When I was finishing school and deciding which direction I’m going to take, I started looking seriously into Berklee and their Music Therapy program. 

It felt like a great fit for me because it allowed me to use the tool I felt most connected to – music – to engage with people in a more specific and direct way to meet their non-musical needs. Whenever I have been true to who I am, what I am feeling, and worked hard toward it – I have been guided to take the right steps. 

Whatever was meant to happen, has taken place. It helps that my parents always noticed and appreciated the effort I made and saw the work I put in, and never told me I couldn’t do something.

3. Is formal training required or one can train oneself purely based on talent?

It depends on what style of music you want to pursue. If you’re doing any classical form of music – you need a teacher and you need formal training. Especially in the context of South Asian musical traditions where learning music is an aural process, learned with the help of a teacher who holds the knowledge, and which cannot be learned in the proper and most efficient way through any book or video.

If you want to learn music that is not classical - I don’t believe you necessarily need ‘formal training’. You need dedication, need to be a great listener of music, I would say you need to be obsessed with the practice of wanting to know more and more about the music and/or instrument you’re learning. 

Be very intentional, be in love with what you’re doing, record yourself, and hear back what you’re sounding like and be open to constantly bettering yourself. There are plenty of resources available on the internet if you want to learn about harmony, about production, about anything else. 

Some people grow with formal training, within a curriculum. Some people grow without a structure when they are left to explore on their own. You have to know yourself and work according to your own needs.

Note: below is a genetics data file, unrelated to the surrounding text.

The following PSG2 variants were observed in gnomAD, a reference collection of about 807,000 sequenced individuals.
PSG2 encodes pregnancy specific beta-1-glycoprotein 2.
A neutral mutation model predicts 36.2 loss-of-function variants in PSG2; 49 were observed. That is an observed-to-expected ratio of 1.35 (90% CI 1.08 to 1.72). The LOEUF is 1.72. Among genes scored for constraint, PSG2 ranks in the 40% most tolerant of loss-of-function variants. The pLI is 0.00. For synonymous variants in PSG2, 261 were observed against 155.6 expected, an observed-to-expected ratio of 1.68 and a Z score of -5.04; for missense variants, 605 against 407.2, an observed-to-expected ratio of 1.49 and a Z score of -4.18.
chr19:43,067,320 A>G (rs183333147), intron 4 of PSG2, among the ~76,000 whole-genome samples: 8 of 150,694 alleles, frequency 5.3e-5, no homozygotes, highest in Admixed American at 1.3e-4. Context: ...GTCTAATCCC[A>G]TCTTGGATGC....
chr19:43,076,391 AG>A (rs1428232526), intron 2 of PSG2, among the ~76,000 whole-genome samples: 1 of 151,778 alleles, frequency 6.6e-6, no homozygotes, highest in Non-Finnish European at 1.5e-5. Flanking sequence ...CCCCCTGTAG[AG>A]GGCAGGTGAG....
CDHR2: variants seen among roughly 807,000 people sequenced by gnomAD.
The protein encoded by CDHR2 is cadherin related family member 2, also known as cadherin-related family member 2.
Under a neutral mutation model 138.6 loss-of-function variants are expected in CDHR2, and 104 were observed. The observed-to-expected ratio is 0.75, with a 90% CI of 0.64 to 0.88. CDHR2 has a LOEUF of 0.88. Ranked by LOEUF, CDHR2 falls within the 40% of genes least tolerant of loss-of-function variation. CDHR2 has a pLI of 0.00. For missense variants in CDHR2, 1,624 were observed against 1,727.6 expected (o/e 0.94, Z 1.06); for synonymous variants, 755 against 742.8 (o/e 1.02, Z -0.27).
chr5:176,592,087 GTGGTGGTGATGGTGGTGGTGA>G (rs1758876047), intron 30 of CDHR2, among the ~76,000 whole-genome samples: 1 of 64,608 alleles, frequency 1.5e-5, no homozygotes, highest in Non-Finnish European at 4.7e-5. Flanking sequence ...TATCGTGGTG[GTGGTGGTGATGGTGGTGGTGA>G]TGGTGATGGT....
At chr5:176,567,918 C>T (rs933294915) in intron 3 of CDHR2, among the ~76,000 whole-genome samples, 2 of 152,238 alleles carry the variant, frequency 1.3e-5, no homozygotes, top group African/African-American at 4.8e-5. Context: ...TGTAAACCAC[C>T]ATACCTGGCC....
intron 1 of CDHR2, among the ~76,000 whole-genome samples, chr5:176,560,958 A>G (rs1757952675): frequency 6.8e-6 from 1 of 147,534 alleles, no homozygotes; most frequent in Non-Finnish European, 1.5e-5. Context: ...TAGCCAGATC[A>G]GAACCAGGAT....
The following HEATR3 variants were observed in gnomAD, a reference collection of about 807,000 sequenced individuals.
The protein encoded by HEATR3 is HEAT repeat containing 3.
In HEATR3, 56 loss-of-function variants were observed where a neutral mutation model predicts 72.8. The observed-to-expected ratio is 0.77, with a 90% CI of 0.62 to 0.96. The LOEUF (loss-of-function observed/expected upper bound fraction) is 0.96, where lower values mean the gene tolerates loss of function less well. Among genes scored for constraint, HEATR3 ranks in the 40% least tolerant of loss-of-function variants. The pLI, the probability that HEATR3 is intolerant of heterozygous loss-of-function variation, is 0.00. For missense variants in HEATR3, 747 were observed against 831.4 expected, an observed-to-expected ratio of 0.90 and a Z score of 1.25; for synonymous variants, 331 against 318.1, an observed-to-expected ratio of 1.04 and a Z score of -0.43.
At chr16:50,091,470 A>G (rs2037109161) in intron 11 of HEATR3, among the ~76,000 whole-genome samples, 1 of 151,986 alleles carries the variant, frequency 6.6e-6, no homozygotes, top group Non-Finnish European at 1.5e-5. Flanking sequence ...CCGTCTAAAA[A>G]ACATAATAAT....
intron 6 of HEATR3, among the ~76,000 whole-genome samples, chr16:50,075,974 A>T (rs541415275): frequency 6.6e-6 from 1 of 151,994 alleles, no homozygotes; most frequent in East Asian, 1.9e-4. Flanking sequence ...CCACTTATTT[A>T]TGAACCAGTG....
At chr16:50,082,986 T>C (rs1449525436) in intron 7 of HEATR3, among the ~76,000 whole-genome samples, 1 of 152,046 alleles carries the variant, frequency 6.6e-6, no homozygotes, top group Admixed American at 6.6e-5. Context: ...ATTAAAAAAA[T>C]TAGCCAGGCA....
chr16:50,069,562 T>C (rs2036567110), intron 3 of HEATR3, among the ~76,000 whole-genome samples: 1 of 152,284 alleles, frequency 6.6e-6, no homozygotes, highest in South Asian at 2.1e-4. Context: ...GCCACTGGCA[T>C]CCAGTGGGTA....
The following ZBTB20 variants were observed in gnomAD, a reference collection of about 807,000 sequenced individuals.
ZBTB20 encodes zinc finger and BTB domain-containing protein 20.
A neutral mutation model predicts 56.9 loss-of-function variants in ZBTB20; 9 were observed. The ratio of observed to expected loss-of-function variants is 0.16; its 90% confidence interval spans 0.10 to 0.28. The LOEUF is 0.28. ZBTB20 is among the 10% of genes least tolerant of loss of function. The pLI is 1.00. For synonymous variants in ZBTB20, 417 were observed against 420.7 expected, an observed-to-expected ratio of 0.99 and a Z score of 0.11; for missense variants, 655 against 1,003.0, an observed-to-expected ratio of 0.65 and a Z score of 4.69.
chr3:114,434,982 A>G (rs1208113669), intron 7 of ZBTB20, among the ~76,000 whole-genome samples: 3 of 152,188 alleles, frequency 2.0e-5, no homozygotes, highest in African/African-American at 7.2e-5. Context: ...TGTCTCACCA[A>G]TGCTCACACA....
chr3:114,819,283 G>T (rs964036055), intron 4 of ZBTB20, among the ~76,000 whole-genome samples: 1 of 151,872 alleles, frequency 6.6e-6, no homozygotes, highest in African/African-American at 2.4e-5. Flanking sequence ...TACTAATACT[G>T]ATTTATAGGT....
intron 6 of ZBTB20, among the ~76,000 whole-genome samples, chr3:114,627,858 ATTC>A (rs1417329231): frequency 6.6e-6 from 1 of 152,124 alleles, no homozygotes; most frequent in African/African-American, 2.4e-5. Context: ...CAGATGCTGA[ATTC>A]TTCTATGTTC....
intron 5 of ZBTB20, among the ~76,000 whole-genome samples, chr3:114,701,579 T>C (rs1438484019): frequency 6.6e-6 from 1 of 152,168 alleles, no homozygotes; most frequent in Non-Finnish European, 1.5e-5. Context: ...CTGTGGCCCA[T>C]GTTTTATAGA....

Whatever you want to get good at, be patient with it. Listen to a lot of that style or that instrument. Imbibe it. Be patient with yourself. Music is a world in which you will never know it all and you will never be the best. Remember, there are no rules by which to play. Everyone’s process is different.

4. What are the various opportunities available for an aspiring musician?

Lots. You can get really creative with what you do and find a market for it.

Performer; session-musician; songwriter for other artists; composer for film and tv; writing music scores for film, tv, and games; top-line writer; voice-over artist; a music educator; get into the music business and managing artists; writer for music magazines and websites; recording engineer; live music engineer; producer; arranger; music therapist; much more.

I would advise people in India reading this to interview to look out for a book that talks about exactly this – it will be an incredible resource. Written by a veteran musician of India. BIG DREAMS, BOLD CHOICES (Handbook for emerging professional musicians in India) – Vasundhara Vee